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Critical Conversations: Rayka Zehtabchi and Joshua Glick

The Department of Film, Television, and Media hosted a Critical Conversation on documentary on November 14, 2019. As usual, this edition of the series featured a documentary filmmaker and a scholar. The filmmaker was Rayka Zehtabchi, a recent graduate of the University of Southern California School of Cinematic Arts and winner of the 2019 Academic Award for Short Documentary. Her interlocutor was Joshua Glick, Assistant Professor of English and Film & Media Studies at Hendrix College and currently a Fellow in the Open Documentary Lab at MIT. It was a very interesting combination, as both are committed to the social documentary. Zehtabchi is making them, and Glick is writing about them (he recent published Los Angeles Documentary and the Production of Public History, 1958–1977 through the University of California Press). 

Glick began the conversation by explaining some of the history of political nonfiction. He offered a three-tiered framework for thinking about the documentary. One was the advocacy-oriented social documentary coming out of grass-roots movements and activism. Another is an auteur-based documentary that is funded by legacy institutions 

(Sundance, ITVS, etc.) and is one of the mainstays of the international film festival circuit, independent theater scene and the educational market. The final is an emerging online documentary that explores the possibilities of interactivity, network narrative, and documentary photography.  

After Glick laid this groundwork, Zehtabchi described her entry into the world of documentary. Although she has made a film about the Special Olympics (entitled Special O, which can be seen here), Zehtabchi concentrated on the production and exhibition of Period. End of Sentence (the trailer is online).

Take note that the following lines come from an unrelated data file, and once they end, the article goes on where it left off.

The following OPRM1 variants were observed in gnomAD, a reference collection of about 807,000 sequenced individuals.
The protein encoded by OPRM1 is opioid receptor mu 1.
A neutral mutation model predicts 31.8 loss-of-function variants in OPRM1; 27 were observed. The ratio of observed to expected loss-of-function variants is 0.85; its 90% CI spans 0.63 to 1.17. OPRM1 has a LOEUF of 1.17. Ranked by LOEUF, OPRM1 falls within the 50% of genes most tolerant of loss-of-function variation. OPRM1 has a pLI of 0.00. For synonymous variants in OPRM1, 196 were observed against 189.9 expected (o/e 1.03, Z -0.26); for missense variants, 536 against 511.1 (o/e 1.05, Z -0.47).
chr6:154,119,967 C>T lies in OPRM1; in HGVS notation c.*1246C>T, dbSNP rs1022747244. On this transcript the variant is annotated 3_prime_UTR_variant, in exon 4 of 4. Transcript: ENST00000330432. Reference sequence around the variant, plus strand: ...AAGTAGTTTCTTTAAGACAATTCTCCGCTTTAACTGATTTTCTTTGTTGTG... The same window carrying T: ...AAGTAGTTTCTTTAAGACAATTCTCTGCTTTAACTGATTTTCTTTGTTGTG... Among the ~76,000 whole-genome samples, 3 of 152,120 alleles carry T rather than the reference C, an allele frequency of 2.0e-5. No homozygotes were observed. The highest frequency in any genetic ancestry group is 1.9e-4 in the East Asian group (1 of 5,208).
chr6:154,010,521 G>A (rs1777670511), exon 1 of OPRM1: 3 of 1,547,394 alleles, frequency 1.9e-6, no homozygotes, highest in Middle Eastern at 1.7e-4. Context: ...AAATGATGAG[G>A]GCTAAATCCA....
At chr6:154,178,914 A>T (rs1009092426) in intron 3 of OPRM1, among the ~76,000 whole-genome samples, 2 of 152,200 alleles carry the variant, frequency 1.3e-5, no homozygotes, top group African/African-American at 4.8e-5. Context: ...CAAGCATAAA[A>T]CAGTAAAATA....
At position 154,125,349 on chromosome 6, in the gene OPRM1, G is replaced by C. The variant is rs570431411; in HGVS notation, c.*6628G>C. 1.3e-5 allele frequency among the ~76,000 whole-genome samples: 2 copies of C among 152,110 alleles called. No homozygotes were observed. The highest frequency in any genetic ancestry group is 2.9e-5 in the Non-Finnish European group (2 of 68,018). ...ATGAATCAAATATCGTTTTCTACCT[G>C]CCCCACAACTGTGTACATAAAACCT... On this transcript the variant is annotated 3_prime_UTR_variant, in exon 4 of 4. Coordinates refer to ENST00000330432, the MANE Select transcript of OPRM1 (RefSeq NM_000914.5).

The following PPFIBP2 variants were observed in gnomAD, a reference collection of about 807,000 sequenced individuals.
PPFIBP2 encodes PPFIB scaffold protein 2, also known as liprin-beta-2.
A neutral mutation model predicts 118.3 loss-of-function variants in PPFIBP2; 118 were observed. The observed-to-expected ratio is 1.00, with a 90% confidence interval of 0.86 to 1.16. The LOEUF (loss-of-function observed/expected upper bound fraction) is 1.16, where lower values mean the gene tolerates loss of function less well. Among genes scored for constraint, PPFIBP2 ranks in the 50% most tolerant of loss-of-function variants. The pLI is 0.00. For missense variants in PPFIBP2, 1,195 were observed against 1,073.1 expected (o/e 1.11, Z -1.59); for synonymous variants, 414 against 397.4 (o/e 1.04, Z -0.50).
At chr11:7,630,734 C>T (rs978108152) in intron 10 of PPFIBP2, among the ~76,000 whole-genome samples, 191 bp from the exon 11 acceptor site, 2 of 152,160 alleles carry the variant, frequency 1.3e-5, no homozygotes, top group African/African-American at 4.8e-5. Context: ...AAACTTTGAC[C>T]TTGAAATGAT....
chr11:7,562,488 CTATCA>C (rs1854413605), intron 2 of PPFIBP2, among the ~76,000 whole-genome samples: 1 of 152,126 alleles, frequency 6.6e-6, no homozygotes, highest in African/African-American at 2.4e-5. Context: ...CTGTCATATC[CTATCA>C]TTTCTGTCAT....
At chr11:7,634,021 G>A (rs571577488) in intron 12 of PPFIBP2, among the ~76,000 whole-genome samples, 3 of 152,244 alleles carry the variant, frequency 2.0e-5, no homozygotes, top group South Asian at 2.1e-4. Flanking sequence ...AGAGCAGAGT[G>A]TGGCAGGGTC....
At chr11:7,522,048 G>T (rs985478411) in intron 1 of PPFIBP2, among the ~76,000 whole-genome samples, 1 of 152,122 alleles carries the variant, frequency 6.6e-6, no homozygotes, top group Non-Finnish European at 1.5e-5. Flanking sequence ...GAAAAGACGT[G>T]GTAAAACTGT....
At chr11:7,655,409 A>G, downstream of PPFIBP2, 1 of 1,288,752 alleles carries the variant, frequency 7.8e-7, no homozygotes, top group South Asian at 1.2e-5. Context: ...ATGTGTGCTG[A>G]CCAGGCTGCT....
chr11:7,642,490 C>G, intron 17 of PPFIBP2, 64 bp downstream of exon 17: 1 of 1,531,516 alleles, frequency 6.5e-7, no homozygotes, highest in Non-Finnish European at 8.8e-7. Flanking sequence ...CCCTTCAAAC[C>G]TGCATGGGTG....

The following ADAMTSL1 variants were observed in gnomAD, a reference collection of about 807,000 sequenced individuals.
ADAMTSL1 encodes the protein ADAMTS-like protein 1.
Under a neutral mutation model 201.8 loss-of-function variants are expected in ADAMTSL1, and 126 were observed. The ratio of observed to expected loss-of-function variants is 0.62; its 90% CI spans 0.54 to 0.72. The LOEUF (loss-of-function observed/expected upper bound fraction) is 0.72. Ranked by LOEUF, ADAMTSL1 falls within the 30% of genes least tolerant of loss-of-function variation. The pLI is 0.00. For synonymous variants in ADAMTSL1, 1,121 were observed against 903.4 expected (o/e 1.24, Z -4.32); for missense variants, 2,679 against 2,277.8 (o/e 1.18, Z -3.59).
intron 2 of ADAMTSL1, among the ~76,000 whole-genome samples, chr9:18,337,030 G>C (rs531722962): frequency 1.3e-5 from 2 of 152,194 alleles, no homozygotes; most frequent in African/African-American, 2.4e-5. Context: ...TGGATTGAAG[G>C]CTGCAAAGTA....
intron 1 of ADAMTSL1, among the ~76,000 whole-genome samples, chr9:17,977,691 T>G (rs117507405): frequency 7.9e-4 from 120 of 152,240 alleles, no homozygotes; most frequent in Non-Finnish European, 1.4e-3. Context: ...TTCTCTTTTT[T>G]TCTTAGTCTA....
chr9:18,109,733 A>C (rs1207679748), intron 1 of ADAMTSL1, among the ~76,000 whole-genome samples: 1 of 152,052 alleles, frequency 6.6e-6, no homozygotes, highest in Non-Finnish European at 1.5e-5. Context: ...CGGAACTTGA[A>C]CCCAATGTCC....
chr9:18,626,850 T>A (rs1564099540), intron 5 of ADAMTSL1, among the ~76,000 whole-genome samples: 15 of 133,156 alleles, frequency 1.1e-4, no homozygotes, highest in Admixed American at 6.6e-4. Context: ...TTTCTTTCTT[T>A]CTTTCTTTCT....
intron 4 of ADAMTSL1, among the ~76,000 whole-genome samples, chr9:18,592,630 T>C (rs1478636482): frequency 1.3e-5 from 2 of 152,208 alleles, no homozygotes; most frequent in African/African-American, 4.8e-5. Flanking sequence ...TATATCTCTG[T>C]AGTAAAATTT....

This is her Oscar-winning short describing a group of rural women whose lives transform with through a low-tech sanitary pad-making machine. Zehtabchi described the production process, starting with an invitation to shoot the film for a crowdfunding project based in a Los Angeles area high school. Being an Iranian-American refugee, she was well aware of the pitfalls of white savior narratives and concentrated wholly on the lives of the girls and women of this village near New Delhi. 

During the Question and Answer period, Zehtabchi and Glick talked at length about the crucial link between filmmakers and audiences for the social documentary. Zehtabchi described the outsized importance small film festival showings can have as a first step to a larger audience. In the example of Period. End of Sentence, the Cleveland International Film Festival qualified her for the Academy Awards, which in turn led to global distribution by Netflix. While gave the film a global platform, which leveraged the purchase of more machines for more villages and even other countries, Zehtabchi and Glick also described the downsides and disappointments of OTT streaming. These included losing control over the film’s rights, and a lack of access to the audience data collected by the corporation. The evening’s conversation made it clear that online crowdfunding and streaming platforms constituted a new era in the social documentary. 

above text contributed by Professor Markus Nornes

photo credit, Mary Lou Chlipala